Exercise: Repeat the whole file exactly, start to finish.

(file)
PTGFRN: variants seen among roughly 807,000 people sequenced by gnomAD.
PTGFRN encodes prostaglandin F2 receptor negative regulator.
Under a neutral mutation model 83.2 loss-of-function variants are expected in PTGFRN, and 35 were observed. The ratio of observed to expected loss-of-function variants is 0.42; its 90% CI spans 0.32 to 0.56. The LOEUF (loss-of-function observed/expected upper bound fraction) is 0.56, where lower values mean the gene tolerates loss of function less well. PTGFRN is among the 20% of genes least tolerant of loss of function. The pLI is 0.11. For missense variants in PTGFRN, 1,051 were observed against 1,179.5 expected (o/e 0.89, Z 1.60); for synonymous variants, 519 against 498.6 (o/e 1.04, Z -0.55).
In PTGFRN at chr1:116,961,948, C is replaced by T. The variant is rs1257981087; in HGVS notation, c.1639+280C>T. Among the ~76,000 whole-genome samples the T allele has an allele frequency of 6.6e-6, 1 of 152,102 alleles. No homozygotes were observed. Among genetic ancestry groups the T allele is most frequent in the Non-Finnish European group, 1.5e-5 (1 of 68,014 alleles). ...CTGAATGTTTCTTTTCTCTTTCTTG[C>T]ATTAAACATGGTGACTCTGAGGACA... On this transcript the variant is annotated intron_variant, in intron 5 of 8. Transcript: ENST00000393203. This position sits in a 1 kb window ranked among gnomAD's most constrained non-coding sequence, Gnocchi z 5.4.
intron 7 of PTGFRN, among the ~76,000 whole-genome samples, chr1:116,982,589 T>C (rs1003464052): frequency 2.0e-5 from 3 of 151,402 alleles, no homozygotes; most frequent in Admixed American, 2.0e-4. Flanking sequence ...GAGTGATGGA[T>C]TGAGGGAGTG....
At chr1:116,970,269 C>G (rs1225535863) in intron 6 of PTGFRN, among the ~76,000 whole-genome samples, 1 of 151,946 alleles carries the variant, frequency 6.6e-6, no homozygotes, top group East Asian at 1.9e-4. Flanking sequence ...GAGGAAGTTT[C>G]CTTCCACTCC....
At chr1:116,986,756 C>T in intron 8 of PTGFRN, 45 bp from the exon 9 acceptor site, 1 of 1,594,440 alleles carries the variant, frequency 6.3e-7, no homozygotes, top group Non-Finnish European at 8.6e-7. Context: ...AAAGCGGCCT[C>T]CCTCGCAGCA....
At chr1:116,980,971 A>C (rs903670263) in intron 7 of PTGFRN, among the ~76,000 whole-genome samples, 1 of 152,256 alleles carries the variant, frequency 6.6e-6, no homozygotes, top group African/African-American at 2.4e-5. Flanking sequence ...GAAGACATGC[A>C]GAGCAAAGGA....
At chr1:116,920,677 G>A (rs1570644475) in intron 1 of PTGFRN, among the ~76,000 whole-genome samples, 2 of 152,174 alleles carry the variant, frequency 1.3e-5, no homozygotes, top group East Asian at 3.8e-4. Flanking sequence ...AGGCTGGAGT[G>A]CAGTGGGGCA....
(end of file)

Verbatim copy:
PTGFRN: variants seen among roughly 807,000 people sequenced by gnomAD.
PTGFRN encodes prostaglandin F2 receptor negative regulator.
Under a neutral mutation model 83.2 loss-of-function variants are expected in PTGFRN, and 35 were observed. The ratio of observed to expected loss-of-function variants is 0.42; its 90% CI spans 0.32 to 0.56. The LOEUF (loss-of-function observed/expected upper bound fraction) is 0.56, where lower values mean the gene tolerates loss of function less well. PTGFRN is among the 20% of genes least tolerant of loss of function. The pLI is 0.11. For missense variants in PTGFRN, 1,051 were observed against 1,179.5 expected (o/e 0.89, Z 1.60); for synonymous variants, 519 against 498.6 (o/e 1.04, Z -0.55).
In PTGFRN at chr1:116,961,948, C is replaced by T. The variant is rs1257981087; in HGVS notation, c.1639+280C>T. Among the ~76,000 whole-genome samples the T allele has an allele frequency of 6.6e-6, 1 of 152,102 alleles. No homozygotes were observed. Among genetic ancestry groups the T allele is most frequent in the Non-Finnish European group, 1.5e-5 (1 of 68,014 alleles). ...CTGAATGTTTCTTTTCTCTTTCTTG[C>T]ATTAAACATGGTGACTCTGAGGACA... On this transcript the variant is annotated intron_variant, in intron 5 of 8. Transcript: ENST00000393203. This position sits in a 1 kb window ranked among gnomAD's most constrained non-coding sequence, Gnocchi z 5.4.
intron 7 of PTGFRN, among the ~76,000 whole-genome samples, chr1:116,982,589 T>C (rs1003464052): frequency 2.0e-5 from 3 of 151,402 alleles, no homozygotes; most frequent in Admixed American, 2.0e-4. Flanking sequence ...GAGTGATGGA[T>C]TGAGGGAGTG....
At chr1:116,970,269 C>G (rs1225535863) in intron 6 of PTGFRN, among the ~76,000 whole-genome samples, 1 of 151,946 alleles carries the variant, frequency 6.6e-6, no homozygotes, top group East Asian at 1.9e-4. Flanking sequence ...GAGGAAGTTT[C>G]CTTCCACTCC....
At chr1:116,986,756 C>T in intron 8 of PTGFRN, 45 bp from the exon 9 acceptor site, 1 of 1,594,440 alleles carries the variant, frequency 6.3e-7, no homozygotes, top group Non-Finnish European at 8.6e-7. Context: ...AAAGCGGCCT[C>T]CCTCGCAGCA....
At chr1:116,980,971 A>C (rs903670263) in intron 7 of PTGFRN, among the ~76,000 whole-genome samples, 1 of 152,256 alleles carries the variant, frequency 6.6e-6, no homozygotes, top group African/African-American at 2.4e-5. Flanking sequence ...GAAGACATGC[A>C]GAGCAAAGGA....
At chr1:116,920,677 G>A (rs1570644475) in intron 1 of PTGFRN, among the ~76,000 whole-genome samples, 2 of 152,174 alleles carry the variant, frequency 1.3e-5, no homozygotes, top group East Asian at 3.8e-4. Flanking sequence ...AGGCTGGAGT[G>A]CAGTGGGGCA....